During my first year of teaching, I learned a tip: get on the good side of the secretaries and the janitors. What I didn’t know, though, was that there was another person more powerful than they: the copy machine woman.
Jackie ruled her domain with an inky fist. She had exacting rules for filling out a copy request form. More important, though, was the unwritten rule that newbies didn’t know about. The experienced teachers knew to ask her about her cats, which she photographed in holiday costumes.
Instead, I dropped off my copy requests with only a perfunctory greeting.
Jackie didn’t make any of my copies, not that day, not that week.
Image by Pets Adviser (CC by 2.0)
Now that I’ve been teaching forever, I can deal with whatever technical difficulties come my way. As a new teacher, though, my lesson plan was my life preserver, and my lessons all relied upon those unobtainable copies.
Out of ways to stall my classes, I went in early to ask for my copies. With a huge smile, Jackie told me they weren’t ready yet.
“I’m sorry, but do you know when I could get them?”
“I’ll get to them just as soon as I can,” she said.
I looked past her at the bulletin board and focused on a tableau of one cat wearing a feather headdress and another cat wearing a tricorn. Columbus Day? A Thanksgiving preview? Dear God, what were those poor creatures having to endure? I considered fawning over her cats.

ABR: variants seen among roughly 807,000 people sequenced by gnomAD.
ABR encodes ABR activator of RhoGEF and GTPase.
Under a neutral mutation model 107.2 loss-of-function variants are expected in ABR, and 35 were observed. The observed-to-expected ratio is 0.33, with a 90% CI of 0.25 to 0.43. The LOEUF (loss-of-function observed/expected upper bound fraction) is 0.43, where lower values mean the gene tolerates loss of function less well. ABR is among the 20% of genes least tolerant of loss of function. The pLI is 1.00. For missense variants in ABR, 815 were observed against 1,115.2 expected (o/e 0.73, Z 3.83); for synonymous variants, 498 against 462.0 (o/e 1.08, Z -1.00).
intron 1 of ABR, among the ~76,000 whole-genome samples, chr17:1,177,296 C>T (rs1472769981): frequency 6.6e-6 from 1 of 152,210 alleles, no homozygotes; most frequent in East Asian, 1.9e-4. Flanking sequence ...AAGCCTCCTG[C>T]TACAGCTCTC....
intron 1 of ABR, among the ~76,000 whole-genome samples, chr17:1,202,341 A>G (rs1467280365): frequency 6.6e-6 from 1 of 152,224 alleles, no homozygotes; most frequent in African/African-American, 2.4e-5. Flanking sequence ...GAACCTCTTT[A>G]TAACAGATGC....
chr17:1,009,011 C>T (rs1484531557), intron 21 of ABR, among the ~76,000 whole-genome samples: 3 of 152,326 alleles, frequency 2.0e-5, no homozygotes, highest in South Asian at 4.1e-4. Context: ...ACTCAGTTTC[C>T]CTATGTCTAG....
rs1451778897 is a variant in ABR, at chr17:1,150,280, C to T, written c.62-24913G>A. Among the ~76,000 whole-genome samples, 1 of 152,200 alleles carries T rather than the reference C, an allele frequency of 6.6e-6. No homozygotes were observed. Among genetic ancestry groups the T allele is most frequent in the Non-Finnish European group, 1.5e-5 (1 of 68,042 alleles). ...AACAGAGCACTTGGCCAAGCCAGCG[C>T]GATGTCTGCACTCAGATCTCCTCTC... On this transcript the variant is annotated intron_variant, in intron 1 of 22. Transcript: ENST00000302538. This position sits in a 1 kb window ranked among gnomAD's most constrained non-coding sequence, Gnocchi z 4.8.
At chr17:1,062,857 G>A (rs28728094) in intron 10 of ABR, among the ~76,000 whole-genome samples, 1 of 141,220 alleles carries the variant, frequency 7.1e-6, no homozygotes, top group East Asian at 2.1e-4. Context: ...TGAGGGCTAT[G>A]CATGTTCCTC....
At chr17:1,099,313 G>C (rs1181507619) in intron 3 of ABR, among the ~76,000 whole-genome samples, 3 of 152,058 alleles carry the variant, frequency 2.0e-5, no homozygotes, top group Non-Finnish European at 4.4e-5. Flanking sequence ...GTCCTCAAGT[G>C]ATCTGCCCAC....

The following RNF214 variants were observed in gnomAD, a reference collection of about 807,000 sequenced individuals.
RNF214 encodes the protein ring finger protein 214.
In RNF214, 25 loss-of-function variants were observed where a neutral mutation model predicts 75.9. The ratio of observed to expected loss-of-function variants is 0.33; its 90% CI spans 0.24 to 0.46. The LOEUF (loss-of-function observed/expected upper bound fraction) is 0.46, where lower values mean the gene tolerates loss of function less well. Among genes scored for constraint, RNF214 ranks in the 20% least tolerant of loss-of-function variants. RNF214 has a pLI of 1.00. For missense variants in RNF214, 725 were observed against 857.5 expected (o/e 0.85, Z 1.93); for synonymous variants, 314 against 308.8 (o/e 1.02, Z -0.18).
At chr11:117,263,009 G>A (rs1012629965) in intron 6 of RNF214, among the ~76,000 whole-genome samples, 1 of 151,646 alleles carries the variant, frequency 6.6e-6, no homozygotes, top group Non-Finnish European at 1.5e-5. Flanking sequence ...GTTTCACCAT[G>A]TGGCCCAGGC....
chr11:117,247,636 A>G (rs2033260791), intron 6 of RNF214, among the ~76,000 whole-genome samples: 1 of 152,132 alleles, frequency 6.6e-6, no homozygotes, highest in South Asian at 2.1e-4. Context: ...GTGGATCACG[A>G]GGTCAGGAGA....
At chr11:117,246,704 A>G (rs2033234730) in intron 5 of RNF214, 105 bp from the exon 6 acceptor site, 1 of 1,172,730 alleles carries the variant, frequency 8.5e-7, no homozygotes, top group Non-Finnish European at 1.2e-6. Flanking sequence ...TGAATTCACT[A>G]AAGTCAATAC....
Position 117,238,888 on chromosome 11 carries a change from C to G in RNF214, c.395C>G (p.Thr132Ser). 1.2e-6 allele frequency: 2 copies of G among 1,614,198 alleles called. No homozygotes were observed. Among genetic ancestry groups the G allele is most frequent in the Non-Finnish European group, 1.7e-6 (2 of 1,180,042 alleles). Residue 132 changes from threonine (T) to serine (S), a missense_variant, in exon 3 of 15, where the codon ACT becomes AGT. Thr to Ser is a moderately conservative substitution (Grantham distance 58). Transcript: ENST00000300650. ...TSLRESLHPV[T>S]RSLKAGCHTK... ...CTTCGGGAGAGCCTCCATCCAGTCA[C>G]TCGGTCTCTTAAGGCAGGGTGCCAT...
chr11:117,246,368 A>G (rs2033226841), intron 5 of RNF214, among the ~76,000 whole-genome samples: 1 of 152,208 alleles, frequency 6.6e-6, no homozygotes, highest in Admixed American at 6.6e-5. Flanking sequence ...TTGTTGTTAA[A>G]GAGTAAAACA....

I couldn’t bring myself to do it, so I did the only other thing I could think of. I walked down the hall to her supervisor, and, feeling like a nerdy student, I tattled on her.
Her supervisor was appalled that I had fallen victim to the Great Copy Stonewall of 1997, and I got my copies, along with a new title every time I spoke with Jackie: Princess.
“Why, hello, Princess! Do you need those quizzes run off right away?” she asked.
“Well, no hurry. If I could get them by Thursday, that would be great.”
“Princess, for you, I will do them right now.”
This went on for weeks.
Other teachers complained that we weren’t allowed to make our own copies, and one of the machines was deemed touchable by teachers for three periods a day.
I skulked in and approached the machine.
“It’s Princess!” she said. “How can I help Princess today?”
“Oh, no thanks. I’m just going to make a few copies.”
I was then guilty of the greatest scourge on a copy machine Jackie had ever seen. I started to copy a textbook without putting paper over the uncovered portion of the glass. The resulting black band of toner would wreak havoc with Jackie’s machine.
My senses bombarded by the mechanical whirring, I had no warning that Jackie approached me from behind. She put one hand on my shoulder and another on my hand, all while leaning in to shout in my ear to stop.
Between the shock of her shouting, and the half-a-second-later realization that she was manhandling me, my circuits overloaded. I pivoted around, and, an inch from her face, screamed: “Don’t touch me!”
There’s no easy way to take it back once that particular cat is out of the bag. I apologized, but I had hurt her to the core. We were enemies.
She never called me Princess again.
This is part of an occasional series, Scene from a Memoir.
Thanks to the Bronze Lounge at yeah write for critiquing the first draft of this essay.